MADISON - A University of Wisconsin-Madison research team has overturned a central theory about the stability of collagen, a protein that acts like a "solder" to give the body its structure and shape.
A new explanation of the phenomenon, published April 16 in the journal Nature, could expand the potential of collagen in treating serious disease, healing wounds and repairing damaged organs, said UW-Madison biochemist Ron Raines. It also holds promise in finding new treatments for arthritis, the most serious collagen-related disorder.
"We have essentially shown the way to create a stronger collagen that would not be as susceptible to breakdown in the body," Raines said. "This research marks a fundamental change in how we understand the structure and stability of collagen."
Collagen is an abundant protein found in skin, bone, cartilage and tendons. It forms strong fibers and serves as a connective tissue between cells. If scientists can develop a more stable collagen for human use, far more important medical therapies would be possible, Raines said. Collagen breakdown is at the heart of many serious diseases, such as arthritis, rheumatism, brittle bones, lupus, cirrhosis and cataracts. Providing a stronger source of collagen could also lead to development of a natural "solder" that heals wounds without scars, or can strengthen frail bones.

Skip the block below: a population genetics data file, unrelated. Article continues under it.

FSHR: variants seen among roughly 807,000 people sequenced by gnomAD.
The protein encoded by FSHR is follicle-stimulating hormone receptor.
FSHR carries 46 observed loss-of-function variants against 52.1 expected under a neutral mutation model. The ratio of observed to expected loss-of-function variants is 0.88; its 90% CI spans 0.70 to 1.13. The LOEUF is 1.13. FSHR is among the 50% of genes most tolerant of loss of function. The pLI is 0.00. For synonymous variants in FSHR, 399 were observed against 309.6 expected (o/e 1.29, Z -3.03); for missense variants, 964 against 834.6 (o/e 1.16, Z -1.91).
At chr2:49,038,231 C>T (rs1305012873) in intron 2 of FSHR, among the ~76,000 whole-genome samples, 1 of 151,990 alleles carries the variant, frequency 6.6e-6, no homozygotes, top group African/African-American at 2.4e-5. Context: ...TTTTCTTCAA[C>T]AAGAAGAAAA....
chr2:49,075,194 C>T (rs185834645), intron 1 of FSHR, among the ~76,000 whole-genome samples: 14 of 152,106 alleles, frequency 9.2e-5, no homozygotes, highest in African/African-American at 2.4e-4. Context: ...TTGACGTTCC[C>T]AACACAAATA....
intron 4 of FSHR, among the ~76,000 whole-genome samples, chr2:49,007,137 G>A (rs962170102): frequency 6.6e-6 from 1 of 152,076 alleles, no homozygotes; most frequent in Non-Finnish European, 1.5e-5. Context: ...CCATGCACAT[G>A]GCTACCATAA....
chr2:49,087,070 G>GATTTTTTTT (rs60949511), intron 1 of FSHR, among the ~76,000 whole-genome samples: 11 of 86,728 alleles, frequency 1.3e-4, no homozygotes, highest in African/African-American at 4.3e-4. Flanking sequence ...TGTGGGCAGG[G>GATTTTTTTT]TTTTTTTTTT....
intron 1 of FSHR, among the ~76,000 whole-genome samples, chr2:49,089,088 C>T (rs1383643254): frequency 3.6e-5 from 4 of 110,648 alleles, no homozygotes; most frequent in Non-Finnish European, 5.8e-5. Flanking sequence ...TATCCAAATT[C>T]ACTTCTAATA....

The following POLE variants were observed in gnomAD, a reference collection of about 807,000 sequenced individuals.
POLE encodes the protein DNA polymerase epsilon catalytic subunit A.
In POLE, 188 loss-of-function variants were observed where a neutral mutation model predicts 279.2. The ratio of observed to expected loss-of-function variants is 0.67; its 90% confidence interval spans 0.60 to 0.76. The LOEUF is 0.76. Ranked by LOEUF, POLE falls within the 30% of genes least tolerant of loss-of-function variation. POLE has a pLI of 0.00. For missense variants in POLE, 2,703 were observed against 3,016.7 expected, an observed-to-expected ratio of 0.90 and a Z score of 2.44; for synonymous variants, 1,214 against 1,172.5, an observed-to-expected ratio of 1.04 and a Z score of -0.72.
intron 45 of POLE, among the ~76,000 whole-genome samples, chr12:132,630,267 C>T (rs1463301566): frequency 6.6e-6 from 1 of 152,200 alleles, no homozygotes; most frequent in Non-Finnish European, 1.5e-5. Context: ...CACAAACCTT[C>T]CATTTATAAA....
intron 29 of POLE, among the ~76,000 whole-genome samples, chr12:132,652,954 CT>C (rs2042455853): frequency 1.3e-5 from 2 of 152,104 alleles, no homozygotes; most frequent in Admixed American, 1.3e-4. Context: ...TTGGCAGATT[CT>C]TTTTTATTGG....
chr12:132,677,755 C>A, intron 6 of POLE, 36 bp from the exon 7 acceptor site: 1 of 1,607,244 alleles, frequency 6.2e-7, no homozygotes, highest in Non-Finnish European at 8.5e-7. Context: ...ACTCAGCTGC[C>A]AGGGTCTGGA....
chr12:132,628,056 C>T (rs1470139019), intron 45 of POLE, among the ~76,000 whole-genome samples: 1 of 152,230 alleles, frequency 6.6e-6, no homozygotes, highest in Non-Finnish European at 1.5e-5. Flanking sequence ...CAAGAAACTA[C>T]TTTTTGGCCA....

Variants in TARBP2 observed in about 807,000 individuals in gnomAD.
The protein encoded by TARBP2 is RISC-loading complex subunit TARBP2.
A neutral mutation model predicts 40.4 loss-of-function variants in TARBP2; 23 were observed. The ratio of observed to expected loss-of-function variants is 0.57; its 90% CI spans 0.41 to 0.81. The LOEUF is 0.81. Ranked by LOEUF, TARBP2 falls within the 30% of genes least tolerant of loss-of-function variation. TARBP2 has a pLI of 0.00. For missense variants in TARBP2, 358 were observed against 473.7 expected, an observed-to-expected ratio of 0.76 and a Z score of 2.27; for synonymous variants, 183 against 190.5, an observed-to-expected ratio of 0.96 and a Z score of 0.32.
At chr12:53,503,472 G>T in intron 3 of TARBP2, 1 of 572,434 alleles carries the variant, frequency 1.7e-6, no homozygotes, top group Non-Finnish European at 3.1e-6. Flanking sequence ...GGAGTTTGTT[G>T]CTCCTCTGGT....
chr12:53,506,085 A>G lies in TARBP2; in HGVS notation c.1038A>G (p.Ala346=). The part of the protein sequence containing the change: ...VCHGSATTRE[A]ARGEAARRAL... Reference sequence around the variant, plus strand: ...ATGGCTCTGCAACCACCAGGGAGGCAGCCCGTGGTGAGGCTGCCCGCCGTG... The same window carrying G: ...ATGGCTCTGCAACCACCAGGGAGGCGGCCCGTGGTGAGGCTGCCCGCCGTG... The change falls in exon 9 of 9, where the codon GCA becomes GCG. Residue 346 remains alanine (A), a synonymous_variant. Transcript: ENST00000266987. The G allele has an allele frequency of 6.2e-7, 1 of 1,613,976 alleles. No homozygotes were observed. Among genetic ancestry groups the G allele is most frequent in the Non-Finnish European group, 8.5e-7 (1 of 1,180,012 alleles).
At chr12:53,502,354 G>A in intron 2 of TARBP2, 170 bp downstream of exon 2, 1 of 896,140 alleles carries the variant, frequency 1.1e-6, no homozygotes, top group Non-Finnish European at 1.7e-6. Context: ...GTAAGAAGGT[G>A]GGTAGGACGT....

Most people have heard of collagen in the realm of cosmetic surgery, where a purified form of bovine collagen is used to provide fuller lips or smooth away wrinkles. But those improvements don't last, Raines said, because the material starts breaking down after a few months.
Collagen loses its stability over time by actually unraveling at the molecular level, which makes it susceptible to enzymes that cause it to degrade. The aging process or genetic abnormalities can cause this unraveling to occur, Raines said.